The ignorance shown by the 32-34% of Trump’s base is astounding.  It makes all of those late night talk show’s segments meant to denigrate the “man” on the street and his ignorance seems as if they were nuclear physicists.

Just when I thought I wouldn’t complain, at least for one day, I find this blog full of complaints.  I don’t have any new pictures to throw in at this point so I’ll just end here and wish all those who are reading this a wonderful fall.  Enjoy the color if you can. Enjoy life if you can.  Embrace those you love while you can.  Just do it, whatever it is.

ObamaCare Faces Another Repeal/Trump Vs. Black NFL players

I would say “repeal and replace,” if the Republicans had anything that would replace the ACA.  What they have is another bill that would hurt many Americans by denying them the coverage of health care.  The Congressional Budget Office hasn’t had an opportunity to score this Cassidy-Graham middle finger to America’s middle class.  They have run into a shit storm from different people and organizations.

If you’re confused as to why the Senate Republicans have rolled out this sixty some attempt to repeal ObamaCare by Congress I’ll tell you what I’ve heard.  And what I’ve heard makes eminent sense to me.

I heard that Republican donors told Republican Congress creatures that they were upset at them for not being able to produce anything that they promised.  These donors weren’t interested in anything that would benefit the majority of Americans but only what would benefit them, the richest 1% in the form of tax cuts to the rich.  There’s another reason and that, in my opinion, is a very small reason.  They want to carry out their promise to repeal the ACA.

The reason I think it’s a very small fraction of their incentive is easily understood when you realize that the thing Republican Congress creatures need more than the people confidence in them is campaign donations.  The Republicans are always lying about the ACA and trying their best to handicap funding for it.  Why should they care if people think they are going back on their promise.

The majority of Americans like ObamaCare.  Or better the called the ACA since I’m sure there are still many Americans who don’t know that they are both the same thing.

And just to mention Trump’s calling out of work, Colin Kaepernick a “son-of-a-bitch.”  Trump was upset at Kaepernick’s “disrespect” of the American flag and Anthem.  Kaepernick was protesting civil injustice during a 2016 NFL game when he and another player “took a knee” instead of standing with hand over heart.

I read that supposedly Kaepernick’s mother responded: “I guess that makes me a proud bitch.”  Kaepernick was exercising his First Amendment rights of Freedom Of Speech.  If money can be speech then kneeling during the National Anthem is also speech.  Also, I think it hypocritical that Trump a 5 deferment to avoid being drafted pretending to be a patriot.  It’s funny in all the photos from that period Trump never seemed to have any problems with a bone spur in his foot.  And as far as I know, he never had any corrective surgery either.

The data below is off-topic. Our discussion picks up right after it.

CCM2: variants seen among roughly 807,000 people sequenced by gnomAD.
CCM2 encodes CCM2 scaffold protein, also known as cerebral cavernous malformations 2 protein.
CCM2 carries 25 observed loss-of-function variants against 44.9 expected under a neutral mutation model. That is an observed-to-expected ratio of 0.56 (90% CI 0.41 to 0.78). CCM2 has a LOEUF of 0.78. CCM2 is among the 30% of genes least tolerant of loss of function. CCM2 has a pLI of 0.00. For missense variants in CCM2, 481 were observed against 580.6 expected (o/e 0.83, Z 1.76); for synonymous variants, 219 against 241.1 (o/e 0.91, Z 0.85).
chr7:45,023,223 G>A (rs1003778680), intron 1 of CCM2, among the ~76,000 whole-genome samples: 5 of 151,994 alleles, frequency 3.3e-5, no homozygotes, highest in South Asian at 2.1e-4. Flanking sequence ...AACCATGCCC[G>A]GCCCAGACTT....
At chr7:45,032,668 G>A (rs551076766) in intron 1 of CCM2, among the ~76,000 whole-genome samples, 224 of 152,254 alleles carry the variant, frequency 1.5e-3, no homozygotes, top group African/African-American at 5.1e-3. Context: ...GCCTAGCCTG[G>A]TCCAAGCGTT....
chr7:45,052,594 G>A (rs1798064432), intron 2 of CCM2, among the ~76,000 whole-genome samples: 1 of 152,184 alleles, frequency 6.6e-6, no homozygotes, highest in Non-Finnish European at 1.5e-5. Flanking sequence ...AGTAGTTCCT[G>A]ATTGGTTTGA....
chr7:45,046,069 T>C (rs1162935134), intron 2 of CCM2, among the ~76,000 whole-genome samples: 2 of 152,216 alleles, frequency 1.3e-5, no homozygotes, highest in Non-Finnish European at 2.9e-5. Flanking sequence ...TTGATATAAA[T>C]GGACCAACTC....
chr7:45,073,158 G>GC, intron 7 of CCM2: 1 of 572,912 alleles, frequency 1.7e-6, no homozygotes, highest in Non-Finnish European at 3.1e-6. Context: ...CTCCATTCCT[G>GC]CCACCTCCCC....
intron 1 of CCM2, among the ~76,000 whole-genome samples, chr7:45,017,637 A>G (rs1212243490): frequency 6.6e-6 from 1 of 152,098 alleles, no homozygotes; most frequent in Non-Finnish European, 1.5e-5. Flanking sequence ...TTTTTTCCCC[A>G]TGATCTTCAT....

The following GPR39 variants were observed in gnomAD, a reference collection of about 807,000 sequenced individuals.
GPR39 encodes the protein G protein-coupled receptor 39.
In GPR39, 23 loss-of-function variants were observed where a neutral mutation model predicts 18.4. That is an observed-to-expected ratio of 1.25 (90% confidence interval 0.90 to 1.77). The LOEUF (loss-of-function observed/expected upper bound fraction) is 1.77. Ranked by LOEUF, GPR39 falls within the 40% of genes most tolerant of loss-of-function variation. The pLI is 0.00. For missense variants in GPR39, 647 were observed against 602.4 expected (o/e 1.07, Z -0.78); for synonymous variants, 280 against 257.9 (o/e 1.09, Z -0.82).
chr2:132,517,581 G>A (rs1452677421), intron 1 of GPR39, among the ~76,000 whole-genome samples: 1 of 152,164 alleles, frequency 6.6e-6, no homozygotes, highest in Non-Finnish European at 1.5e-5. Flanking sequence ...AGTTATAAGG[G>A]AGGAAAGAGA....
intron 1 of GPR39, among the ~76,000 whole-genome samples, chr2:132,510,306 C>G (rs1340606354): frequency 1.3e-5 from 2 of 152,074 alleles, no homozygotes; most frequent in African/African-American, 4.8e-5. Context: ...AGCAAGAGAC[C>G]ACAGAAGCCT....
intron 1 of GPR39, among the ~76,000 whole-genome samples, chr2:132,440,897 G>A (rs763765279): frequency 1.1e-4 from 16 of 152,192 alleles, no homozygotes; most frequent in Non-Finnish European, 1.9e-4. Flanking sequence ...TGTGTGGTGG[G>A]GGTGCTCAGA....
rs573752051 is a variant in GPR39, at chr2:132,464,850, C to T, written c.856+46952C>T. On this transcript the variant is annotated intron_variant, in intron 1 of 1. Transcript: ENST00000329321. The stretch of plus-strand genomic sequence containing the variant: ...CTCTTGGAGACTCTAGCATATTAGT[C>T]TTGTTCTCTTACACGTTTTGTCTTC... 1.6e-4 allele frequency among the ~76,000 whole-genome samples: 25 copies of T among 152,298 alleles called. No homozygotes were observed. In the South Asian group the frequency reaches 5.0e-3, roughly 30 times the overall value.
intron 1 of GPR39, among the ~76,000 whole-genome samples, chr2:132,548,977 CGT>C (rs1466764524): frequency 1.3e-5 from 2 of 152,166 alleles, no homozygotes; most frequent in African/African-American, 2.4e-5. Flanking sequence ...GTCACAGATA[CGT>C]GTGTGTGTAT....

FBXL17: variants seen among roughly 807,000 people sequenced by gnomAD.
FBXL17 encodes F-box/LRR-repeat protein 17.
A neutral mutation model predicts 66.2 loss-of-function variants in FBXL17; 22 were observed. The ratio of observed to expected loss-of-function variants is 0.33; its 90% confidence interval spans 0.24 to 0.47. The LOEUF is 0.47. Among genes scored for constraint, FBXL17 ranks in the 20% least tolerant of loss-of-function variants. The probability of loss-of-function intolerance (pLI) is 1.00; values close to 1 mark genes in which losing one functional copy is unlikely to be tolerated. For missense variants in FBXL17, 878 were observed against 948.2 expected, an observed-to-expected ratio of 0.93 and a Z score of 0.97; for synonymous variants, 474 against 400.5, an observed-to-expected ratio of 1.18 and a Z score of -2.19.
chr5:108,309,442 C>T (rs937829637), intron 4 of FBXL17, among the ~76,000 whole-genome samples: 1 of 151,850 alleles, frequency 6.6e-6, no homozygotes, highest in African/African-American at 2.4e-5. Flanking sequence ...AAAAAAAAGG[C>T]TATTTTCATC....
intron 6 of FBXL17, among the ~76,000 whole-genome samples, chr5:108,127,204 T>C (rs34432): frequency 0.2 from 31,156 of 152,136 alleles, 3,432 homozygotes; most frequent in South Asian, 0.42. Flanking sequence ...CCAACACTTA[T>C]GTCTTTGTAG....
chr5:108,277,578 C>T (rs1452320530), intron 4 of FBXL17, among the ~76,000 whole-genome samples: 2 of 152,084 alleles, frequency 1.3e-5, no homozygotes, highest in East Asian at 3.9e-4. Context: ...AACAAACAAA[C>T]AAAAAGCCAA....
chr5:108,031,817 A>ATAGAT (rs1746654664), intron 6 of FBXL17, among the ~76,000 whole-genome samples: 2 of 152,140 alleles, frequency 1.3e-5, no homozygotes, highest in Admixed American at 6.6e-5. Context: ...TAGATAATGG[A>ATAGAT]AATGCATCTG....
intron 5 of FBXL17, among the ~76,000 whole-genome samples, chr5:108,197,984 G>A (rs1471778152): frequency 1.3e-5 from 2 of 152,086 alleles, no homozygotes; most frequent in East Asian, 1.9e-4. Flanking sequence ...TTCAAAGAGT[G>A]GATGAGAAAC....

So far only the NFL commissioner has defended the players and commented on Trump’s lack of understanding.  NFL owners, many of whom donated a million dollars to Trump, will not say anything.  I know why.  They expect something from the Republican branches of government that equal money for them.

Incident In Idaho

“My heart is in pieces right now…my soul feels like it’s ripping from my chest…this beautiful young man my son Jackson has to endure a constant barrage of derogatory comments and ignorance like I’ve never witnessed. He is called ugly and freak and monster on a daily basis by his peers at school. He talks about suicide…he’s not quite 8! He says he has no friends and everyone hates him. Kids throw rocks at him and push him shouting these horrific words…please please take a minute and imagine if this were your child. Take a minute to educate your children about special needs. Talk to them about compassion and love for our fellow man. His condition is called Treacher Collins. Maybe even look it up. He’s endured horrific surgery and has several more in the coming years. Anyway…I could go on…but please educate your children. Please…share this. This shouldn’t be happening…to anyone.”

Not knowing what to do when his ex-wife called and told him the because of bullying their son, Jackson Bezzant wanted to wear a hockey mask to school and was talking about killing himself, Dan took to FaceBook, probably in desperation.  Dan and Kelley live in Ammon, Idaho a good place to have social media.  His post went viral and because of it came the support of strangers and neighbors, Jackson now has some joy in his life.

Jackson has Treacher Collins syndrome.  That is a genetic disease that affects bones and tissue development of the face.  Treacher Collins syndrome results in the jaws and chins being small.  Added to that are misshapen ears and eyes that slant downwards.  Jackson was also born without cheekbones.  At 13 months he underwent facial reconstruction.

I’ve seen individuals with this syndrome although I didn’t have a name to put on the malady.  I learned the details of jackson’s story in today’s Washington Post article by Ellie Silverman.  The first two paragraphs drew me into the story.  It read:

“School bullies threw rocks at their young child, while calling him a monster, a freak and telling him he was ugly — all because he has a condition that causes him to look and sound different.

Seven-year-old Jackson Bezzant’s self-esteem dropped so much that he wanted to wear a mask to school to cover his face and he talked about killing himself. His parents, Dan and Kelley Bezzant, a divorced couple who live in Ammon, Idaho, didn’t know what to do to stop the bullying.”